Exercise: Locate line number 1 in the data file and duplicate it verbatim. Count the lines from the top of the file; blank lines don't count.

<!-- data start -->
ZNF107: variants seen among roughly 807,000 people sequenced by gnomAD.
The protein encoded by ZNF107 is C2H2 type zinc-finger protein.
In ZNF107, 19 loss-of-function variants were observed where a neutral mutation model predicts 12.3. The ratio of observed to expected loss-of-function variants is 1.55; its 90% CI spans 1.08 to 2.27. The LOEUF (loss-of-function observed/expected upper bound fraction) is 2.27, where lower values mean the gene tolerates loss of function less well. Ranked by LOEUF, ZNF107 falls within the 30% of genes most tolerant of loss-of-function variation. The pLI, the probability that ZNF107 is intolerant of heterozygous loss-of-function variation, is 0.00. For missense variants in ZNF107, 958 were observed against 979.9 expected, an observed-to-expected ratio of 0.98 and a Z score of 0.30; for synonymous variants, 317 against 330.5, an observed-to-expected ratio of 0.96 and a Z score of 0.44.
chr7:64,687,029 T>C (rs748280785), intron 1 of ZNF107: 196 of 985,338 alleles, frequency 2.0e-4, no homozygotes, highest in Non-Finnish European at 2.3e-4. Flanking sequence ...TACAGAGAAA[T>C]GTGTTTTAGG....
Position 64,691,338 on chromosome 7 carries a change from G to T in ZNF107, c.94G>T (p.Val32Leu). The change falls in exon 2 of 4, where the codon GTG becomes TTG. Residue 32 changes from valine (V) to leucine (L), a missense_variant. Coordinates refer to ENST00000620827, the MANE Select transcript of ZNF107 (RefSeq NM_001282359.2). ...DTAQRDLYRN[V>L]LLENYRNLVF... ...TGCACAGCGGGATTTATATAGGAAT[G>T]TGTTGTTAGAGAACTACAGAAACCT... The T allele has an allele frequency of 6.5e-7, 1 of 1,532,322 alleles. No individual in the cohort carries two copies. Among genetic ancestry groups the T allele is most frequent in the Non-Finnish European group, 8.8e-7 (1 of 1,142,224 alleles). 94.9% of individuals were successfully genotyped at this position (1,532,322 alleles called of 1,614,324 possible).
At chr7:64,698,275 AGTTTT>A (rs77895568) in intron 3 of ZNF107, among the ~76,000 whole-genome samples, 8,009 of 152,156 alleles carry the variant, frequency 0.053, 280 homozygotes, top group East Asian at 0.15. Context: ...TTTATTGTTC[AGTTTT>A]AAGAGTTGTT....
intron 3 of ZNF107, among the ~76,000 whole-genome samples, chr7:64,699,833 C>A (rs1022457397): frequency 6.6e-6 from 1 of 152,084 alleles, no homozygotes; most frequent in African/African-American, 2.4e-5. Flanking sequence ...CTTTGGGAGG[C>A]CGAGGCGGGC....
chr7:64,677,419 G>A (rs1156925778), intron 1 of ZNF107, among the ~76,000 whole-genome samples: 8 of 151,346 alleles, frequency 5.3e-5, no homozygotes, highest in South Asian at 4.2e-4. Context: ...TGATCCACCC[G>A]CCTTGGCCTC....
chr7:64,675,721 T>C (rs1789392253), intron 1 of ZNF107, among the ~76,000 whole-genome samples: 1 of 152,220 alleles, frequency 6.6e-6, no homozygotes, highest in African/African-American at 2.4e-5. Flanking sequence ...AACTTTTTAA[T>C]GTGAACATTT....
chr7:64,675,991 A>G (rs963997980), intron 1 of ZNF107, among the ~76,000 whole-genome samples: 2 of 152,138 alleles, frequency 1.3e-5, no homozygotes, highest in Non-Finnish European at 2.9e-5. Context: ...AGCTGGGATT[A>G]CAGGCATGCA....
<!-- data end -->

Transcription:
ZNF107: variants seen among roughly 807,000 people sequenced by gnomAD.